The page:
An Apple ad launch often creates a bit of a fanfare, and its latest, "Bulbs," for the new MacBook Pro, has already clocked up more than 1.7 million views on YouTube since its launch on November 17.
The ad features a series of light bulbs bursting, in a montage showing inventions and discoveries such as the steam engine, gravity, binoculars, the typewriter and even a loo roll.
One of its biggest fans is Ken Segall, who joined agency Chiat Day as creative director back in 1997 and is credited with writing Apple's "Think Different" brand campaign the same year. It was also around the same time that Steve Jobs came back to the tech company and the two worked together as client and creative shop until 2000.
Writing on his blog this week, Segall recognized some similarities with "Think Different," which shows a montage of ground-breaking people – rather than inventions – such as Martin Luther King, Maria Callas and Mahatma Gandi, calling the new MacBook Pro ad "one of the greatest commercials Apple has ever made."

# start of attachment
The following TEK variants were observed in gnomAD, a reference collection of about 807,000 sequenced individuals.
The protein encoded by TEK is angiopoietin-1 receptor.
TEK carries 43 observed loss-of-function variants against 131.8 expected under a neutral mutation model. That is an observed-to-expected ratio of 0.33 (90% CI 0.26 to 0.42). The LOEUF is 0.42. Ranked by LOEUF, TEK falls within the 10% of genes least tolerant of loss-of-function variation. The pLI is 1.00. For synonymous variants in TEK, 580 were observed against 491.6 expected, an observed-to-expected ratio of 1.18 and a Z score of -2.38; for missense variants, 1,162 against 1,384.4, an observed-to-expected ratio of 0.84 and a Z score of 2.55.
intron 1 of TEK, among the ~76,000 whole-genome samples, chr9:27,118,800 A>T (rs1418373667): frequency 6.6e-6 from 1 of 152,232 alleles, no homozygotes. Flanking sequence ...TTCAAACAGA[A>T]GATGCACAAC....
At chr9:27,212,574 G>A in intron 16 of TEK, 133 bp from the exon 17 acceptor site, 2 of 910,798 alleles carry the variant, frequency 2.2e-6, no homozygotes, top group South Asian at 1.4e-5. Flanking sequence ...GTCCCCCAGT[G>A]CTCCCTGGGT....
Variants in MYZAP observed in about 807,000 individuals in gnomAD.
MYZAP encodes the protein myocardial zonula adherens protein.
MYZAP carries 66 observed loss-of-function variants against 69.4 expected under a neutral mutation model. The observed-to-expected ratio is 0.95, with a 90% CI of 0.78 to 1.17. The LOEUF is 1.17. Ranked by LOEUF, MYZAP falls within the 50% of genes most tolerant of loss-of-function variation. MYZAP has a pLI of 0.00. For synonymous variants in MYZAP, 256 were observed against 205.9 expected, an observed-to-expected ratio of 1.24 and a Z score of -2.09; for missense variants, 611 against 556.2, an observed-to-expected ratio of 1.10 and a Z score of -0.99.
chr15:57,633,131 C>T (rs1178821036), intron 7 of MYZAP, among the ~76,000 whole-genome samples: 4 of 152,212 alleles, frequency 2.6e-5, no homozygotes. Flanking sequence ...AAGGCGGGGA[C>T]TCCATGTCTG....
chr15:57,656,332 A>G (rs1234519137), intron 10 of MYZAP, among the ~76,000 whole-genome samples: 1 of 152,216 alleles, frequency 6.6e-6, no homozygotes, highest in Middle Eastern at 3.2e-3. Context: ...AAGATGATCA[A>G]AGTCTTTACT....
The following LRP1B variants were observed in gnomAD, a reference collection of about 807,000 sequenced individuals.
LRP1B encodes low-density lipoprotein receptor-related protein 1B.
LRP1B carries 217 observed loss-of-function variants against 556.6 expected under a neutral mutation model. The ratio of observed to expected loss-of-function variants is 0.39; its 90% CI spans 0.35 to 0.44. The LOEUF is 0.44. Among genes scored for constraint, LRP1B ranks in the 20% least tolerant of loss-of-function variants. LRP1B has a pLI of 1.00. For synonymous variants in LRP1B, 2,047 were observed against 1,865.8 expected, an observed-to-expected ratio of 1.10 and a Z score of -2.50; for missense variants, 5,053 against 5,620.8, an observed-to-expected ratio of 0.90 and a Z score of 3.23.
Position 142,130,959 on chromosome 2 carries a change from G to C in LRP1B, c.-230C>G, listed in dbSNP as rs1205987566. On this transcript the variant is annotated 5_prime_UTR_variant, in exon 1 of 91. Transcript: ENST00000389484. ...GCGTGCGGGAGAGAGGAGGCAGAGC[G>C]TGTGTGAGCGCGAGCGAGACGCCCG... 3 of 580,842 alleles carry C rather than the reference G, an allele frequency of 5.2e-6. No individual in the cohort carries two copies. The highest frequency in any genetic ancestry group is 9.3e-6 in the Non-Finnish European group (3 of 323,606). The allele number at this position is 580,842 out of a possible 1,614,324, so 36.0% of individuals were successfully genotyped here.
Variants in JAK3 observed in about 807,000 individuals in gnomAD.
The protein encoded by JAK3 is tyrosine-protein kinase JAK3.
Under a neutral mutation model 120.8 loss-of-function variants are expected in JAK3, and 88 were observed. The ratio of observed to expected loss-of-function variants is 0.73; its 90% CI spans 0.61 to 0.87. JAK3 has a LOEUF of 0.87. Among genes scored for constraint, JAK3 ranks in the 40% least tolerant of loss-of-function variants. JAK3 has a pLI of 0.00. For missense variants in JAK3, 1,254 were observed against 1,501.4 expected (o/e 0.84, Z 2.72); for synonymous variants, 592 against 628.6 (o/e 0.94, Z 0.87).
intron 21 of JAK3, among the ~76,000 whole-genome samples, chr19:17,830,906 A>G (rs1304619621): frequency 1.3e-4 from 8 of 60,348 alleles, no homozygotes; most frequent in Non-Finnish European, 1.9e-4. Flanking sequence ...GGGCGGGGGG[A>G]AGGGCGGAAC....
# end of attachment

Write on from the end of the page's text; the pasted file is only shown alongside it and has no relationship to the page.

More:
Let's take a look at the two ads.
Are they really so similar? Segall calls the use of the montage in "Bulbs" as "the oldest trick in the advertising book," but hails the familiar creative device as one which is "so artfully constructed, and so intensely energetic from the start, it literally embodies the ad's concept. That being: ideas have tremendous power."
The major difference between the two is that "Think Different" was all about positioning Apple as a seminal brand, whereas "Bulbs" is ultimately a product ad, a gripe of Segall's. But he concedes: "This is the new century version of 'Think Different,' and I very much love it."